Thursday, June 20, 2013

Being The Mother Of A Son

One of the many wonders of my life is my four-year-old son Theodore. He is affectionate and noisy, warm and curious and kind, and I will never forget that first moment he was handed to me in the hospital. Red as a beetroot, and covered in blonde fluff, he looked like an angry orang-utan. Joy burst over me. A son! My son! My little boy!  It was electric, that moment, and something of the magic of it has never left me.

I take my job as his mum seriously. What his future holds, I don't know. Will he be a travelling minstrel? Petty criminal? Hairdresser? Molecular geneticist? At the minute he has rock-solid ambitions to be a baker with a shop called Teddy's Yum Yums, where I have a permanent table,  but, sadly,  I must face the the fact that this may not unfold as planned. So how should I raise this boy? How can I try to equip him for life? I have a few ideas. 

1.    1. Supply him with books.
I    I am told that the day will come when my barnacle boy will no longer beg me for cuddles (cue the sound of my breaking heart).  Apparently when boys reach a certain age they lose the ability to speak, and you are forced to interpret grunts and facial twitches in lieu of actual conversation.  For years now, I have been building a massive weaponry against this adolescent wall o’silence. It’s called the bookshelf. My teenager's collection, which grows with every school fete and Salvos visit, covers the spectrum from Judy Blume to Puberty Blues to The Outsiders to Bukowski to Nick Hornby.  I hope that opening up many worlds to my boy will help him to understand the lives of others, and to give flight to his dreams. I hope that in tough times, when he feels he cannot share his worries with anybody, that books will help him to feel less alone. I also hope that the wide sea of relationships he can explore in books will give him a more realistic picture of sex than the images he is likely - heartbreakingly likely -  to see on the internet. I take the job of supplying this alternative narrative of sex and relationships through fiction very seriously. It’s not like I anticipate easy conversations on the topic with thirteen year old Ted. ‘Sit down, darling. It’s time for Mummy to talk you through the layered gender politics of lady-bush.’ Um, no. Yet, I think the grip that the porn industry has on the net is viciously strong, and the messages it sends to young people are false and damaging. I don’t want to be creepy with my kids, but I am not afraid to let The Joy Of Sex (original Euromuff edition) be creepy for me.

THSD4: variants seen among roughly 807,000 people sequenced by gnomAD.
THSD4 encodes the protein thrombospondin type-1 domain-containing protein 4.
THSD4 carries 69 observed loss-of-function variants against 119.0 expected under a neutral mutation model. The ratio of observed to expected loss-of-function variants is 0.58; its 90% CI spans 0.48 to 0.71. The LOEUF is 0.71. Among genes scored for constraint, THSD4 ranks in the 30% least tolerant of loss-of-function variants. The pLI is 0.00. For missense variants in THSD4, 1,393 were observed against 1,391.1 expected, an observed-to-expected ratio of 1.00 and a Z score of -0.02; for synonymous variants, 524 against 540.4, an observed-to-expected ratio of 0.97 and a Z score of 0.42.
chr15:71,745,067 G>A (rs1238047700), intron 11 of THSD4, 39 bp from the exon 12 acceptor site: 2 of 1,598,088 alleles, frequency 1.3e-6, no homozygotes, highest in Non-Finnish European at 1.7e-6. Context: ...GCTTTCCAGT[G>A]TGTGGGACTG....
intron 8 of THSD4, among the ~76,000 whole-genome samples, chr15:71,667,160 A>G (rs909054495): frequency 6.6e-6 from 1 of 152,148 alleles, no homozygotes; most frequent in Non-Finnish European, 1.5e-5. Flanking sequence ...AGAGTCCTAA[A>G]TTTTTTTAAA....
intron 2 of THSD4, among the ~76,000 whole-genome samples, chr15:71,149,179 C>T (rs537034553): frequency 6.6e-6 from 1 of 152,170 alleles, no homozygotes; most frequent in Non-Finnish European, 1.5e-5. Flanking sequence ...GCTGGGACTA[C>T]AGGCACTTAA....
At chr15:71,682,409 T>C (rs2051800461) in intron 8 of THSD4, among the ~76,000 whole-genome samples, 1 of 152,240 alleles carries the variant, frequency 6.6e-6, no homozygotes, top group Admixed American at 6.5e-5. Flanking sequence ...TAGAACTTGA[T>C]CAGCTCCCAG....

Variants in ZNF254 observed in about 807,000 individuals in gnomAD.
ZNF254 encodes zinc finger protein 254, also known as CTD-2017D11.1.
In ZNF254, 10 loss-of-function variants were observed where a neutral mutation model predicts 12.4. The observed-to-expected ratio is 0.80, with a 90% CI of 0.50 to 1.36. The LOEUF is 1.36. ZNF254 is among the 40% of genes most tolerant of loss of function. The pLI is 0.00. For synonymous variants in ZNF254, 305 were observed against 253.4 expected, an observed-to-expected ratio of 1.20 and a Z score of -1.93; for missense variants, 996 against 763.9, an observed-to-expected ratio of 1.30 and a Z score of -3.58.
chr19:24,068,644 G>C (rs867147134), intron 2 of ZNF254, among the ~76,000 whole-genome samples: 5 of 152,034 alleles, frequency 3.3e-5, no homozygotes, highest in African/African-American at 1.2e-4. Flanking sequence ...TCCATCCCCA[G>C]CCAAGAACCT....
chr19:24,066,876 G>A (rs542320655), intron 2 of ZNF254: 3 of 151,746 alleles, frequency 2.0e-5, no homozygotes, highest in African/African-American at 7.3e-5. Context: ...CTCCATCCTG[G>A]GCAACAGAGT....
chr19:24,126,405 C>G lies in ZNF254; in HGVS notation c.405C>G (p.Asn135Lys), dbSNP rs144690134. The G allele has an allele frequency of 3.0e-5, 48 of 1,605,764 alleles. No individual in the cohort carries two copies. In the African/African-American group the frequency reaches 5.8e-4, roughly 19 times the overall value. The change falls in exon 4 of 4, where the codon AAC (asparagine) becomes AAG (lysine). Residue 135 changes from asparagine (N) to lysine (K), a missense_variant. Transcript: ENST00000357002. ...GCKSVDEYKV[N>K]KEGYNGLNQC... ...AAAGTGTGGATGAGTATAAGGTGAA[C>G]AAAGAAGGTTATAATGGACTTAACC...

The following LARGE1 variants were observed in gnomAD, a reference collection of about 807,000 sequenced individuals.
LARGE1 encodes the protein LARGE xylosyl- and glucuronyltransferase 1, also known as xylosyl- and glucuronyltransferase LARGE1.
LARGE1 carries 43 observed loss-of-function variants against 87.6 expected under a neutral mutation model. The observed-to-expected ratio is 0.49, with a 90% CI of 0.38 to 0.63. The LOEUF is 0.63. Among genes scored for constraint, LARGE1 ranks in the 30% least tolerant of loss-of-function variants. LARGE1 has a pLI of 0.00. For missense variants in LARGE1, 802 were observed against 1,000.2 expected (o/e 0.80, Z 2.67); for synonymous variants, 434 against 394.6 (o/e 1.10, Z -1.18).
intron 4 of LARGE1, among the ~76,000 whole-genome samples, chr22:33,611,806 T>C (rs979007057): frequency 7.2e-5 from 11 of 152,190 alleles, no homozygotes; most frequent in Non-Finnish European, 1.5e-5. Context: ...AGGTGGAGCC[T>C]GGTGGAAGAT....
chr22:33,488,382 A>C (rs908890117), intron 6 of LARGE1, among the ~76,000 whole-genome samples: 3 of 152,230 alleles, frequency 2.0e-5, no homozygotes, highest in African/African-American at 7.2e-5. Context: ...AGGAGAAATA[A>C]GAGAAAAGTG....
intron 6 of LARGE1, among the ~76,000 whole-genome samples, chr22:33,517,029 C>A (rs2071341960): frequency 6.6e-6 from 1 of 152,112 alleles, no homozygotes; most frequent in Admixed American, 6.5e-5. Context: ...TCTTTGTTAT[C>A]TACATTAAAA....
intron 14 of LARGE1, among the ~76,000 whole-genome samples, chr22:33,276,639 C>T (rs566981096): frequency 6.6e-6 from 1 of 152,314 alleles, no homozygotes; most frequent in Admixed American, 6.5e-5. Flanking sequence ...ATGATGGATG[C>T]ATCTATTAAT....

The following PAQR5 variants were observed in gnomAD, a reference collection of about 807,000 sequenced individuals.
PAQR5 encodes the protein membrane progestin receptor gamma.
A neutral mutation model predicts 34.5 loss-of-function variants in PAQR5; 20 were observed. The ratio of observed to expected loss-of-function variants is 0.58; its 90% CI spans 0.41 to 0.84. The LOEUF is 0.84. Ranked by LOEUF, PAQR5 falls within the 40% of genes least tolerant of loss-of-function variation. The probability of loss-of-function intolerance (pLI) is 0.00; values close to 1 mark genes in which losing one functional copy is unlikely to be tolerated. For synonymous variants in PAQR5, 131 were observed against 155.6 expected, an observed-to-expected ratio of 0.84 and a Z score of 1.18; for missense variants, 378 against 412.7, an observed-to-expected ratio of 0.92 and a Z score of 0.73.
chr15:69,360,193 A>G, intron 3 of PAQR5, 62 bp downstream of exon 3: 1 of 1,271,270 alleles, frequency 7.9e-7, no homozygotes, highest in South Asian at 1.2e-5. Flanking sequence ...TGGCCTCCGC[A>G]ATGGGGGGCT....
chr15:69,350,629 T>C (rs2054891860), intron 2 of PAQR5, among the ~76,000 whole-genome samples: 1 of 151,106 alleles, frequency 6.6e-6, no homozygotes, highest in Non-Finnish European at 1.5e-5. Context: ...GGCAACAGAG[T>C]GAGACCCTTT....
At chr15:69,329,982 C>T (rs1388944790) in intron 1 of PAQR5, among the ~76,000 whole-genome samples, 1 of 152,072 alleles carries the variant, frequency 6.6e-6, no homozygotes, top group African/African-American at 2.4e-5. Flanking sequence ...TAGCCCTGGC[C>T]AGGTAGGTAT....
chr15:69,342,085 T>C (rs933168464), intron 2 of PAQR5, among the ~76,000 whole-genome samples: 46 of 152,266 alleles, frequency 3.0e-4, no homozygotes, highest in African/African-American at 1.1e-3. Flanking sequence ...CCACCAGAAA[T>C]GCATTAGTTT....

Of course, I hope Teddy’s instinct will not be to eschew reading altogether. I imagine, in fact, that this might be a pretty sweet rebellion against his nerdily eager, bookish mother. (Note to self: be cool, tool. Be cool.)
2.    2. Be happy in his masculinity.
Guilty as charged, yes, I am raising this boy to be a feminist like his wonderful dad. And like his dad,  I want him to feel proud that he is male, with all of the biological and social machinery that make men the fantastic creatures they are. I want him to glory in the strength of his body, and the magic of male friendship, and the man-flavoured thinking styles that will provide contrast to the thoughts and imaginings of his sisters. I feel lucky that this boy will be bringing his man-baggage to the family table, and also that he can carry all the shopping bags in from the car. (I’m told he will eat four cows and a half-ton of Weet-Bix every day, starting pretty soon, so this seems only fair.)
3.  3. Cherish his emotional self.  
It’s important to me to help Teddy to find ways to express his inner life. Music can be wonderful for this, so I’m going to try my best to have him learn at least one instrument, and I’ll pass on the cathartic wonders of really just belting the balls out of a  power ballad.    I hope to teach Teddy the language of feelings, helping him to pick through his worries and fears until he feels more at peace. I want him to know that vulnerability can be strength.
4.    4. Be his soft place to fall.